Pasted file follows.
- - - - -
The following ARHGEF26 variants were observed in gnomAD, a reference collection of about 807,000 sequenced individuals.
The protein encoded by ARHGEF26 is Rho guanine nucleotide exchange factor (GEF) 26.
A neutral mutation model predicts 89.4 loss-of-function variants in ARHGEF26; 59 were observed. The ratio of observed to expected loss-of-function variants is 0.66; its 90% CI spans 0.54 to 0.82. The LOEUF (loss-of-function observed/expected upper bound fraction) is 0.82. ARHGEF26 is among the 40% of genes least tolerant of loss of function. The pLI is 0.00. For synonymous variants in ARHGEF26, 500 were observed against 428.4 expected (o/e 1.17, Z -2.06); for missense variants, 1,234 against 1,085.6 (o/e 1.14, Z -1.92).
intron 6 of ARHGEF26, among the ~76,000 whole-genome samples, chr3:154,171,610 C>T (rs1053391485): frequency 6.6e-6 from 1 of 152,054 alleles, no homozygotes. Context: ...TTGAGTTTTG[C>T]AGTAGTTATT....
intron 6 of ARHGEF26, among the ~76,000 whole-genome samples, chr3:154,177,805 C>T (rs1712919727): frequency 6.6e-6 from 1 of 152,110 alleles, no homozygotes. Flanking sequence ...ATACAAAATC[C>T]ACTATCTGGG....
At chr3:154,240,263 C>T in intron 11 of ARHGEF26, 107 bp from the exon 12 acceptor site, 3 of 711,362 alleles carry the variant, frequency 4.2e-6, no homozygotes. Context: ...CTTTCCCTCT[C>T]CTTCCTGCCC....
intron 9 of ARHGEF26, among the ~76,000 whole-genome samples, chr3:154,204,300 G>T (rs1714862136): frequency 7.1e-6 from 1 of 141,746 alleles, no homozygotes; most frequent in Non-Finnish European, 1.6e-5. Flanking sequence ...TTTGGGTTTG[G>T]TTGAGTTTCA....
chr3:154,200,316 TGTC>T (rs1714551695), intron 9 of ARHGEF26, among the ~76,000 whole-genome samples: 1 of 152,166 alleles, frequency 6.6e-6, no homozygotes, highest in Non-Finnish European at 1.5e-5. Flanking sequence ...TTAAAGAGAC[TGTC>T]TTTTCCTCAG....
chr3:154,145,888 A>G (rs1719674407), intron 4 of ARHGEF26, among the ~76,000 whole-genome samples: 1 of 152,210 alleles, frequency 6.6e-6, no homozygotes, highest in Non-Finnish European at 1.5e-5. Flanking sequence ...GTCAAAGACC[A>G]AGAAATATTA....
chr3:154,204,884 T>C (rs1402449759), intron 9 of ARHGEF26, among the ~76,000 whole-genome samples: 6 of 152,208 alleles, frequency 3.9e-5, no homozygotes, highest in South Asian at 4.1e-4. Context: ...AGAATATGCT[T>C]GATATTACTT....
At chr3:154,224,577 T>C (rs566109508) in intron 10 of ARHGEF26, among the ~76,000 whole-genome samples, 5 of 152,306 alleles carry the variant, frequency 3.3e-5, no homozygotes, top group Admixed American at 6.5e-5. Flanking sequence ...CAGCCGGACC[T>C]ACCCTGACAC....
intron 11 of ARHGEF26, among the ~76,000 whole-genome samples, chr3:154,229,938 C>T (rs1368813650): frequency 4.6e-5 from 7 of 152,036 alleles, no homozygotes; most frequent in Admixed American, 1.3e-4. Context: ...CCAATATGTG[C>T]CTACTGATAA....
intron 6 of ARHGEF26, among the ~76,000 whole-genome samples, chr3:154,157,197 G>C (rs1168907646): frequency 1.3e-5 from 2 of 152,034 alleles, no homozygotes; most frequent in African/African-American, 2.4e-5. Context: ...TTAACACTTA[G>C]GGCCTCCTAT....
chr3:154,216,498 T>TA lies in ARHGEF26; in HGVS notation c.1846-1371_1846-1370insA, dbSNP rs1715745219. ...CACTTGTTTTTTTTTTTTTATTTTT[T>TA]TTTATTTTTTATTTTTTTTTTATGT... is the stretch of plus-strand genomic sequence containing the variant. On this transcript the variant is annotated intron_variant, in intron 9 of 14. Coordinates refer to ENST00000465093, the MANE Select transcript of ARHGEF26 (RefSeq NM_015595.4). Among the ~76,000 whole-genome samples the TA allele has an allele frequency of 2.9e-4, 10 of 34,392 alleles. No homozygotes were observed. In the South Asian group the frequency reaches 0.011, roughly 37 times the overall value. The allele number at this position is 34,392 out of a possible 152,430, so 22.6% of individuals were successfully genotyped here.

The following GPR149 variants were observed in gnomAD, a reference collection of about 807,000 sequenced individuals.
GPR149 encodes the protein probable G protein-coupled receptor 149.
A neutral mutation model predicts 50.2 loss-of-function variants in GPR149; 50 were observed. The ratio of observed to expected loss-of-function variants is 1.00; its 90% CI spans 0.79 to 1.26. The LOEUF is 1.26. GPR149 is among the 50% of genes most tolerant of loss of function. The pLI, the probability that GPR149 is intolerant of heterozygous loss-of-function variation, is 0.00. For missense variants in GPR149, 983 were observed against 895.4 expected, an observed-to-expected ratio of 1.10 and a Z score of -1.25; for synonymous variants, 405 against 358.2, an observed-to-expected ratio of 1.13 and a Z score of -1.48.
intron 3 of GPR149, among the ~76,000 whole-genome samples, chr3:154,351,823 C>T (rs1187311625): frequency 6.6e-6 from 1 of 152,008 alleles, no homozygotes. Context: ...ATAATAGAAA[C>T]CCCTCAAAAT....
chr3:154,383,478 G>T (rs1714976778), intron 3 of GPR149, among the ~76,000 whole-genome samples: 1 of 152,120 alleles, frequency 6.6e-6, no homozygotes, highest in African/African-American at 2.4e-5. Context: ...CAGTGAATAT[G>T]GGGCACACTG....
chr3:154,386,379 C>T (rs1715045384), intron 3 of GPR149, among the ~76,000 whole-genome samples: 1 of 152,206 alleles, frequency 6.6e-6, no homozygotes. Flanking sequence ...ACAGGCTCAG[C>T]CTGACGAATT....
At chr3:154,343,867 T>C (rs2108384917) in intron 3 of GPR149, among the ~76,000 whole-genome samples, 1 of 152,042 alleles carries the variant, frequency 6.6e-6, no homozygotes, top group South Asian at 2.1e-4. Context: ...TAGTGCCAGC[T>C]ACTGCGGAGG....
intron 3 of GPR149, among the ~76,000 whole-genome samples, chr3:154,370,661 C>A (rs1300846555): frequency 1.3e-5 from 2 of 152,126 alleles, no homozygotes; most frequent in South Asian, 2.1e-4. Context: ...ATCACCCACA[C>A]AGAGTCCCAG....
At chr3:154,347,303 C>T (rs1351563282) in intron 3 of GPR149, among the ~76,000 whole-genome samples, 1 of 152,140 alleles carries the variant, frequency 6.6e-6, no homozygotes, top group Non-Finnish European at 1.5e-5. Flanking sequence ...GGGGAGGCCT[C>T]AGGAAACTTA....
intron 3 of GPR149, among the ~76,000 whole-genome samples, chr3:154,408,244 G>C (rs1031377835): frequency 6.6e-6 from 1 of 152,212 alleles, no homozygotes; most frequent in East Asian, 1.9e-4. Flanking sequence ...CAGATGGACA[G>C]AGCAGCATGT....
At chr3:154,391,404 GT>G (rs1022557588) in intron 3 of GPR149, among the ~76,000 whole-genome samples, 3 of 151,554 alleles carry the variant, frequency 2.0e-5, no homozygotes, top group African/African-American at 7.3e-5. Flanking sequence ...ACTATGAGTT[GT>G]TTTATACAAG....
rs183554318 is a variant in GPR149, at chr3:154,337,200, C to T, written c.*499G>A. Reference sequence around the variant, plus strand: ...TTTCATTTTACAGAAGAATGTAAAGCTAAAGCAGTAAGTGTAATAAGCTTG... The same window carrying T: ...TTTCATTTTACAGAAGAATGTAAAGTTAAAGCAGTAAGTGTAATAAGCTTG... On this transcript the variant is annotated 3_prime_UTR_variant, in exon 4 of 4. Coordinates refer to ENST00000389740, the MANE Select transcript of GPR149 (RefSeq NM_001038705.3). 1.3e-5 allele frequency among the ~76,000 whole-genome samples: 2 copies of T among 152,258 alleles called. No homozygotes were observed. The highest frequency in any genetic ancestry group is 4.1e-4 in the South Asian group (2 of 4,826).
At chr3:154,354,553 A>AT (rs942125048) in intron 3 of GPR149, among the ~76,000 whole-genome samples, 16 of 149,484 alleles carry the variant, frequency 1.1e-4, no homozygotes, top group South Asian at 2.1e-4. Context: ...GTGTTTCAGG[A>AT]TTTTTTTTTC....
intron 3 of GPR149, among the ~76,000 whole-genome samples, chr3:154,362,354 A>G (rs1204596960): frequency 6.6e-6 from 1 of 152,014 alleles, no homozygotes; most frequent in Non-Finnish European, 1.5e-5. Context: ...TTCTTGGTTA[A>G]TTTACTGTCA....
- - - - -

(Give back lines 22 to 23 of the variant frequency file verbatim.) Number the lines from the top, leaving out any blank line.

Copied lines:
intron 3 of GPR149, among the ~76,000 whole-genome samples, chr3:154,370,661 C>A (rs1300846555): frequency 1.3e-5 from 2 of 152,126 alleles, no homozygotes; most frequent in South Asian, 2.1e-4. Context: ...ATCACCCACA[C>A]AGAGTCCCAG....
At chr3:154,347,303 C>T (rs1351563282) in intron 3 of GPR149, among the ~76,000 whole-genome samples, 1 of 152,140 alleles carries the variant, frequency 6.6e-6, no homozygotes, top group Non-Finnish European at 1.5e-5. Flanking sequence ...GGGGAGGCCT[C>T]AGGAAACTTA....